338 F.3d 1287

338 F.3d 1287

UNITED STATES of America, Plaintiff-Appellee,
Phillip Wayne McDANIEL, Jr., Defendant-Appellant.

No. 02-16671.

No-Argued Calendar.

United States Court of Appeals, Eleventh Circuit.

DECIDED: July 25, 2003.

K. Lyn Campbell Hillman and Carlos Alfredo Williams, Fed. Pub. Defenders, Fed. Def. Org., Mobile, AL, for Defendant-Appellant.

Leigh Lichty Pipkin, Richard H. Loftin, Mobile, AL, for Plaintiff-Appellee.

Appeal from the United States District Court for the Southern District of Alabama.

Before CARNES, BARKETT and WILSON, Circuit Judges.



Phillip Wayne McDaniel, Jr., appeals his 33 month sentence for possession of a firearm by a convicted felon, in violation of 18 U.S.C. ? 922(g)(1). On appeal, McDaniel argues that the district court erred by ruling that it did not have the authority to order McDaniel’s sentence to run concurrently with an unimposed sentence on pending state charges. McDaniel maintains that if, at the time of his federal sentencing, he had already been sentenced in state court, his federal sentence would fall under the provisions of U.S.S.G. ? 5G1.3 (b) or (c), which would mandate or at least allow for concurrent sentencing. He states that the language of 18 U.S.C. ? 3584, which governs the imposition of multiple sentences, indicates that a district court may order terms of imprisonment imposed at different times to run concurrently. He further contends that this Court’s decision in United States v. Ballard, 6 F.3d 1502 (11th Cir.1993), “specifically noted that both [18 U.S.C. ? 3584] and the [G]uidelines were silent … on this situation” and that Ballard “directed that the lower courts consider the policy of ? 5G1.3 as if the state sentence had been imposed and then consider the factors of 18 U.S.C. ? 3553 in order to determine if a consecutive or concurrent sentence is warranted.” The issue presented, whether a district court is authorized to make a federal sentence concurrent to a state sentence not yet imposed for pending state charges, is one of first impression. It raises a pure question of law that we review de novo. See United States v. Barbour, 70 F.3d 580, 586 (11th Cir.1995) (articulating that pure questions of law are subject to de novo review).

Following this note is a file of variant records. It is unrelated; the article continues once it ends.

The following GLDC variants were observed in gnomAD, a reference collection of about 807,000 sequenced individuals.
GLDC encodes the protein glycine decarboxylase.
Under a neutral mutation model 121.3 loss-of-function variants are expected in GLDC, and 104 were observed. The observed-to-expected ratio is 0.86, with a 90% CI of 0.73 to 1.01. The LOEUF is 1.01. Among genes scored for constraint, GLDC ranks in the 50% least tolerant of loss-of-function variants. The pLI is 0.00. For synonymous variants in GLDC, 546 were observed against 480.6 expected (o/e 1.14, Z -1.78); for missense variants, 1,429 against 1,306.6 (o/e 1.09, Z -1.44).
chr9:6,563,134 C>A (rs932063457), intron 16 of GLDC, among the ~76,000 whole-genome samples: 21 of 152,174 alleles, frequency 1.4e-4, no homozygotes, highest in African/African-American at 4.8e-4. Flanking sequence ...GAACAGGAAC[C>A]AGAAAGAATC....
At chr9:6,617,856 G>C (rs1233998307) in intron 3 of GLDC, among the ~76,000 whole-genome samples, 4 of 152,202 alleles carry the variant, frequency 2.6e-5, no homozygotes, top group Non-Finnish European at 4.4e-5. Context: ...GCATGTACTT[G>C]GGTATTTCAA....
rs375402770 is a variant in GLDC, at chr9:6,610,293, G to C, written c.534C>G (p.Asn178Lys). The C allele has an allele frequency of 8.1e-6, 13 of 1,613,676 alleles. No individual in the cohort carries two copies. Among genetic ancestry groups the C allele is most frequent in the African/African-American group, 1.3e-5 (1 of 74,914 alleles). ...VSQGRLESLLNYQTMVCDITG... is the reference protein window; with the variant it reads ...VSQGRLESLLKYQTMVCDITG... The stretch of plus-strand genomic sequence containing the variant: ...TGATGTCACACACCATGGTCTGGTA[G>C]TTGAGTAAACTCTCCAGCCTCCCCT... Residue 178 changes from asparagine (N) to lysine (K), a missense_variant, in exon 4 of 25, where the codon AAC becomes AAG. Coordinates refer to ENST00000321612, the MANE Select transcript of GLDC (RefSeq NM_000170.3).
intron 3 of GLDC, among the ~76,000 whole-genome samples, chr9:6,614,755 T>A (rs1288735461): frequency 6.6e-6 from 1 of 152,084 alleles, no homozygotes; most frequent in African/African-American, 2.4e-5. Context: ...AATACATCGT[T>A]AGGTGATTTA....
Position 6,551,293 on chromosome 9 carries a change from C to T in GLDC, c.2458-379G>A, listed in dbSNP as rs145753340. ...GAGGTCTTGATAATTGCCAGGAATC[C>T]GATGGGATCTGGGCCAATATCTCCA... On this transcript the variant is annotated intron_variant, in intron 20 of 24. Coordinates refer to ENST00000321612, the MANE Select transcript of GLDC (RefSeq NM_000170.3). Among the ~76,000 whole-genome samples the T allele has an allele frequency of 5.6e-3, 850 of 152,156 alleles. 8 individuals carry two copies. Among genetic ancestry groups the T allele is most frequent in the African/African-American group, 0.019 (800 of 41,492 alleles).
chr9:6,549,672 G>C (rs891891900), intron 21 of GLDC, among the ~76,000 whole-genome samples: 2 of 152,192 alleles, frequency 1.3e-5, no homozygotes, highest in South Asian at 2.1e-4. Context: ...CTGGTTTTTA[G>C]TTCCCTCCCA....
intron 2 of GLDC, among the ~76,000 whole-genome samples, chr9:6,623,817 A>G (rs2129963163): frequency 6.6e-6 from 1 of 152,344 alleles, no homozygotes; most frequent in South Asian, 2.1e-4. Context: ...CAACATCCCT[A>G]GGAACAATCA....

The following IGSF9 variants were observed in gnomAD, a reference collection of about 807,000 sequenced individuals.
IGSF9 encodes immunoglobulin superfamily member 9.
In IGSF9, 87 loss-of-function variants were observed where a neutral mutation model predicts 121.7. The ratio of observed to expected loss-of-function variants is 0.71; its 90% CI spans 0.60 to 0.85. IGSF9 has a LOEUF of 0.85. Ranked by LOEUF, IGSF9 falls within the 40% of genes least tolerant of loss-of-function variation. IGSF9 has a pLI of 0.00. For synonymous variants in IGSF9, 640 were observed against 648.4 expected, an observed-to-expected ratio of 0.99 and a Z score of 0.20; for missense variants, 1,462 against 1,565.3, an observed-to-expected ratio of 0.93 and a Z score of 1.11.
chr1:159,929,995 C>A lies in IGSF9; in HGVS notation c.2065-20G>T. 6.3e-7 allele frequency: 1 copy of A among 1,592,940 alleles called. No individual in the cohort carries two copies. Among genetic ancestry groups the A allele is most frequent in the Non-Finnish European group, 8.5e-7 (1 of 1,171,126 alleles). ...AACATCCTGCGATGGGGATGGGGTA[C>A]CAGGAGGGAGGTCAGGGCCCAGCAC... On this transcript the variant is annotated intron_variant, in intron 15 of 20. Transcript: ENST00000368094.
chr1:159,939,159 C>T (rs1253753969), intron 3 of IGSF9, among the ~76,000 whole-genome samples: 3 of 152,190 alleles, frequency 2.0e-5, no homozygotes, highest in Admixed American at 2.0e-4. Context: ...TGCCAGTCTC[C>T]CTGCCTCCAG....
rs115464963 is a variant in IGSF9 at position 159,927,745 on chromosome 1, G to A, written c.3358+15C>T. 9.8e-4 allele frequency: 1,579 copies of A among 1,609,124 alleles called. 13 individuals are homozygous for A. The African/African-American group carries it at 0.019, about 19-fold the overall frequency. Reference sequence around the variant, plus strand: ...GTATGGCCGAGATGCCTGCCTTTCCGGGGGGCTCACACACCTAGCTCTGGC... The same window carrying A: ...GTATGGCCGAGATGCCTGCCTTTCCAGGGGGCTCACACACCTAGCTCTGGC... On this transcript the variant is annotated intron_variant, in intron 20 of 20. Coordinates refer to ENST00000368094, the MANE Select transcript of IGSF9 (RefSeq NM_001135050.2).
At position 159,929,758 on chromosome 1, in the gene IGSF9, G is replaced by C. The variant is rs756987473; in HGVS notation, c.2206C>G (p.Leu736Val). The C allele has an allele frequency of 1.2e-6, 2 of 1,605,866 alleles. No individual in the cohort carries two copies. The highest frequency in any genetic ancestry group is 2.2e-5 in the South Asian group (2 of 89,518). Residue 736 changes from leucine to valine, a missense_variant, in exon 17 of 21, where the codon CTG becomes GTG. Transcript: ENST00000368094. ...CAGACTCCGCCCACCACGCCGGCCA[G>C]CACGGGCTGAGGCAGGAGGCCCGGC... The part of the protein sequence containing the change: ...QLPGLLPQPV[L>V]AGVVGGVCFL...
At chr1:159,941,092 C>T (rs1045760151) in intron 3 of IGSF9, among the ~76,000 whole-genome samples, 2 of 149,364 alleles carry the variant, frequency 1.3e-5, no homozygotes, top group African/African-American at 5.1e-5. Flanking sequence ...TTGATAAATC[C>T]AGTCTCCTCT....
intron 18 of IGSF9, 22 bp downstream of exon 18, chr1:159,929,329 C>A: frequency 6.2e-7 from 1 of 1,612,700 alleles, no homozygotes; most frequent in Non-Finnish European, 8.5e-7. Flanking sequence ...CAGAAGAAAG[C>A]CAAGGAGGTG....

Upon careful review of the record and our precedent, and upon consideration of the parties’ briefs, we find reversible error. Our opinion in United States v. Andrews, 330 F.3d 1305 (11th Cir.2003), clarifies that under United States v. Ballard, 6 F.3d 1502 (11th Cir.1993), a district court does have the authority to make a federal sentence concurrent to a state sentence not yet imposed for pending state charges, (“Ballard clearly concludes that a district court need not concern itself with whether a state sentence has already been imposed when determining whether to make the federal sentence consecutive or concurrent with the state sentence.” Id. (citing Ballard, 6 F.3d at 1504-10)). Because the district court mistakenly believed it lacked the authority to impose a concurrent sentence, we vacate McDaniel’s sentence and remand for resentencing.